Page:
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Sweatpants & Sanity | Fantasy Break: World’s Oldest Bookstores

I love a great bookstore. Modern chain bookstores, like Barnes & Noble, are good and well, but there’s something about an ancient, hole-in-the-wall bookstore, isn’t there? The dusty shelves, the forgotten volumes just begging to be thumbed through. For this week’s fantasy break, we’re visiting some of the world’s oldest bookstores. Enjoy, and vote for your favorite in our poll!

1. The Moravian, Bethlehem, Pennsylvania

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The Moravian is the oldest bookstore in the United States. Founded in 1745, it has been expanded many times, taking over neighboring buildings, and now (or actually, since 1857), boasts a staggering 15,000 square feet of books. With a giant independent literature section, the Moravian also features some non-book related items, such as a full gourmet candy counter, and sections dedicated to regional gifts and Christmas items. It is also reportedly haunted!

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2. The Bertrand, Lisbon, Portugal

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The Bertrand has been open since 1732 – a whopping 284 years! At its current location since 1755, The Bertrand is likely the oldest bookstore in the world. The original 1732 location was destroyed in the same earthquake that inspired Voltaire’s Candide. Now, it is a chain with more than 50 branches in Portugal.

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3. The Galignani, Paris, France

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The Galignani lays claim to being the oldest English-speaking bookstore on the European continent. While the shop was founded in 1801, Galignani was originally operational since 1520 as a publisher! From their website: “Beginning in 1520, Simone Galignani published in Venice a Latin grammar (the oldest “Galignani” known)…. However, their greatest success was the Geografia by PTOLEMAUS published in 1597, an incredible bestseller in both the 16th and 17th centuries.” Wow! The Galignani has operated from their current location since 1856, and is still run by descendants of the original family.

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4. Dom Knigi, St. Petersburg, Russia

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Opening in 1919, the Dom Knigi (“House of Books”) occupied seven floors of the Singer building (of sewing machine fame) for many years. Over its years, the Dom Knigi has seen a lot of change, including several changes to the name of the city it resides in! The building itself is an art nouveau masterpiece. During the Siege of Leningrad, the shop continued to operate even when a bomb was dropped on the neighboring building, shattering all of Dom Knigi’s windows and flooding the storage rooms. It was only in the winter of 1941 that the shop, lacking electricity and heating, closed temporarily. The building was closed in 1948 to repair war damage, and again for restoration in the middle of the last decade. Otherwise, it has been St. Petersburg’s most popular bookshop for over seventy years.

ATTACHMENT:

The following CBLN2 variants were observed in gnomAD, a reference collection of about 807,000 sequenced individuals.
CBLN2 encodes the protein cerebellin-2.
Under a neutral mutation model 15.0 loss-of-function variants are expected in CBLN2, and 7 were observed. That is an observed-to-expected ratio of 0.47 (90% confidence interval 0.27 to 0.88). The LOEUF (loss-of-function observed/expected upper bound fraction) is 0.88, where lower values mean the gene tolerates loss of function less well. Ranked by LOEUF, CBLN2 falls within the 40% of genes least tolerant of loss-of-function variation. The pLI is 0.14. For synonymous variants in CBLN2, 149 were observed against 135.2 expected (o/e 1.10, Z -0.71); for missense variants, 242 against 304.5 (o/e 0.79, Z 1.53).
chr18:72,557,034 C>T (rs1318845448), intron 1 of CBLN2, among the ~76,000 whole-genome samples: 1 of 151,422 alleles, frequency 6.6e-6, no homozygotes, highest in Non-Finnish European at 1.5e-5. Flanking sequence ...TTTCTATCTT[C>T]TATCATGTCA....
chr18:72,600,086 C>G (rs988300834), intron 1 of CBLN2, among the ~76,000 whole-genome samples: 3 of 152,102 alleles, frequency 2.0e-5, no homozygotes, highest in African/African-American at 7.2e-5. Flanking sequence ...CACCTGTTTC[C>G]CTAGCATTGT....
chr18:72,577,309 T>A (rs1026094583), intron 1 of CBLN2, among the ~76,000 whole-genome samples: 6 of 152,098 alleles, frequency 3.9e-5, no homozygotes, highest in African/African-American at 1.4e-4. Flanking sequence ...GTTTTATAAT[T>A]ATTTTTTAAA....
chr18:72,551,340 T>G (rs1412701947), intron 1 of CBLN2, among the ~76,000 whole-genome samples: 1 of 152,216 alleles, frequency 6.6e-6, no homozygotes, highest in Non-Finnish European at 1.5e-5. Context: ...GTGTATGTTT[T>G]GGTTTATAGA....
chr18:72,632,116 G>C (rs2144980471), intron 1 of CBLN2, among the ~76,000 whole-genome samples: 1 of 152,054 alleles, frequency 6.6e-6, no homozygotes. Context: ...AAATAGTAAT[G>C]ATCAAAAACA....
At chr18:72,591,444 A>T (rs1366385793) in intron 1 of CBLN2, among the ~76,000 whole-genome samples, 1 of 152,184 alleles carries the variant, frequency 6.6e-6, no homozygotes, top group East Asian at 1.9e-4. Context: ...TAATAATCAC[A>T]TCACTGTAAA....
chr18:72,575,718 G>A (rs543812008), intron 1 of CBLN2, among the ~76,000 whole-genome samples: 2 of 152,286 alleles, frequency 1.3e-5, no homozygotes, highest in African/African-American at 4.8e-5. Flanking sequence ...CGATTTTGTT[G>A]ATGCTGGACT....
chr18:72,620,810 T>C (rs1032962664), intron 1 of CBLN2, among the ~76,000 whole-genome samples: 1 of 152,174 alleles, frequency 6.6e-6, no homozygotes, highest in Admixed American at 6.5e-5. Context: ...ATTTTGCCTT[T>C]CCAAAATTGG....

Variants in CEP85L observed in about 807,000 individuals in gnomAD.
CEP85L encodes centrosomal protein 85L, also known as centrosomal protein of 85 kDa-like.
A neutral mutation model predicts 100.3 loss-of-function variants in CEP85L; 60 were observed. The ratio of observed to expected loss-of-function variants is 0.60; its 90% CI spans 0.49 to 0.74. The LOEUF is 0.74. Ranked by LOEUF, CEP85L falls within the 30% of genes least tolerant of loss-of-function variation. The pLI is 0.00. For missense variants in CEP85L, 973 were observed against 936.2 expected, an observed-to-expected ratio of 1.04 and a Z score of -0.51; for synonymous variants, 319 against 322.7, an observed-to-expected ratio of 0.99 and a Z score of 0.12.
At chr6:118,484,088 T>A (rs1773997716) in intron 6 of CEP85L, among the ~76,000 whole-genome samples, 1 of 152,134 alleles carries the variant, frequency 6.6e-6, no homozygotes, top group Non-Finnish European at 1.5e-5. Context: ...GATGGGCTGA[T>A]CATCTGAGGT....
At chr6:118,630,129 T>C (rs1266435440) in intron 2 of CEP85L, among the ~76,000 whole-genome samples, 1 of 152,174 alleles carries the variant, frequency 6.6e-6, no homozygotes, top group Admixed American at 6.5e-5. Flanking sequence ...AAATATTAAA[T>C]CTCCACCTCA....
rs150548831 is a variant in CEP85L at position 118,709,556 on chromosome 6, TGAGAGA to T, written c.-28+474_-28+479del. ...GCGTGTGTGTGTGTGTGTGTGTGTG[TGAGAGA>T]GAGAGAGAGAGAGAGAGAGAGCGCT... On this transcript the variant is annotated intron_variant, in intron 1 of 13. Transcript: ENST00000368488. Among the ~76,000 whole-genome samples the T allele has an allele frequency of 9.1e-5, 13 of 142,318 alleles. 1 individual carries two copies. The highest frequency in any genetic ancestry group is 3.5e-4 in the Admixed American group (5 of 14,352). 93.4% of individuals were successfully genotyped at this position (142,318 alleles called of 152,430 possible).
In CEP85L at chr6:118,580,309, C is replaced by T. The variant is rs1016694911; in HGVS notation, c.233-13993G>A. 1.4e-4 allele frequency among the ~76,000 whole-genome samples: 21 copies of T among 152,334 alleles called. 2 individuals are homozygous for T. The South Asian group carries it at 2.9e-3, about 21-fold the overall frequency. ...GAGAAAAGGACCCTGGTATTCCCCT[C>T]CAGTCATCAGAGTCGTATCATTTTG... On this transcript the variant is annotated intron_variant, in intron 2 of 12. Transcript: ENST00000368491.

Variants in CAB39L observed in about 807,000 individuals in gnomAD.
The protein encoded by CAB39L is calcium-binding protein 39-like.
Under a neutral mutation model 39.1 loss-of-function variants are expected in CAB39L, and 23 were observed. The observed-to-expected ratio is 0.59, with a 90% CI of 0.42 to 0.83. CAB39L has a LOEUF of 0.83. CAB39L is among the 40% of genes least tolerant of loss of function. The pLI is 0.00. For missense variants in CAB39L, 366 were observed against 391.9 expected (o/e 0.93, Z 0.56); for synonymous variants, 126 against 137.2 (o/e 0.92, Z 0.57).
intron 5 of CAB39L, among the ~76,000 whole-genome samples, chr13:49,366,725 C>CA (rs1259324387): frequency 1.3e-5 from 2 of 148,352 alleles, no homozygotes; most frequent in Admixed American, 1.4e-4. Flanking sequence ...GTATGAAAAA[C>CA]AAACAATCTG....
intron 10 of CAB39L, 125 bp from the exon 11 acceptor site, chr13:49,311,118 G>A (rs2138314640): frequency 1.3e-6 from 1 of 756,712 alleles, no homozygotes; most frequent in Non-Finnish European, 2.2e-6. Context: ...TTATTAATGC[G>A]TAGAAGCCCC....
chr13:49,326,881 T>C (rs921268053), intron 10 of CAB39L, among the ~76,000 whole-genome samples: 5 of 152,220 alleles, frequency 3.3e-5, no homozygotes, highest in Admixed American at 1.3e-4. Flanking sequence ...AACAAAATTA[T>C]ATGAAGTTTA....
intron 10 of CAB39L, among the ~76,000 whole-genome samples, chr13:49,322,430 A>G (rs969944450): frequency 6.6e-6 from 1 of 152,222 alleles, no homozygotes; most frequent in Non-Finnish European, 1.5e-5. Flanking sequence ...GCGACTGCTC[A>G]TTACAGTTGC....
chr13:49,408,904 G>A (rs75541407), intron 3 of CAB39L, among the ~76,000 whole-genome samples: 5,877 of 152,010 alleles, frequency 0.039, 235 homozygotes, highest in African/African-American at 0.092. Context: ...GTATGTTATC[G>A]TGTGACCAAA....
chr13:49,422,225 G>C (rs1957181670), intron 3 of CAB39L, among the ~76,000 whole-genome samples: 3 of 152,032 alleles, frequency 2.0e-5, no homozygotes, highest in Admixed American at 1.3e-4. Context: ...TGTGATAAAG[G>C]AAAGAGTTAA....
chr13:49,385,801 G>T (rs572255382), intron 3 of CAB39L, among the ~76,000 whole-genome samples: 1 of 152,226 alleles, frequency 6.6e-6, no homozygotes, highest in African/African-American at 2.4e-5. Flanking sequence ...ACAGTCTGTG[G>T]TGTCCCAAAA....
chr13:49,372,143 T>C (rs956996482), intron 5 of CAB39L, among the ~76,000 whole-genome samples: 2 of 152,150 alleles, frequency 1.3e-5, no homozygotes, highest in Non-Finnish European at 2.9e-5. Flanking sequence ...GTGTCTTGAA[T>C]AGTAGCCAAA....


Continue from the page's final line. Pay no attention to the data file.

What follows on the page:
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5. Marga Schoeller Bucherstube, Berlin, Germany

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In 1924, 24-year old Marga Schoeller opened her famous bookstore. From a feature article: “The first tough test for the bookstore came in the following decade, which was marked by the rise to power of Adolf Hitler and his Nazi party in Germany. During this period, Schoeller kept the forbidden literature, banned by the Nazi regime of the Third Reich for ideological reasons, hidden in the basement and available to trustworthy customers. She also bravely resisted the ideological policies of the Nazi regime and refused to sell propagandist literature. After the allies conquered Berlin, this bookstore was one of the first to receive the license to continue its business, along with the permission to sell English books. From then on, a well-stocked English section has been one of the main features of the bookstore and also its biggest pride.” What a hero!

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Emily Parker is a musician, writer, and avid reader who started Bucket List Book Reviews, the ‘1,001 Books to Read Before You Die’ project. For Sweatpants & Coffee, Emily hopes to inspire the reading of the classics by a whole new audience by only reviewing the really good stuff.

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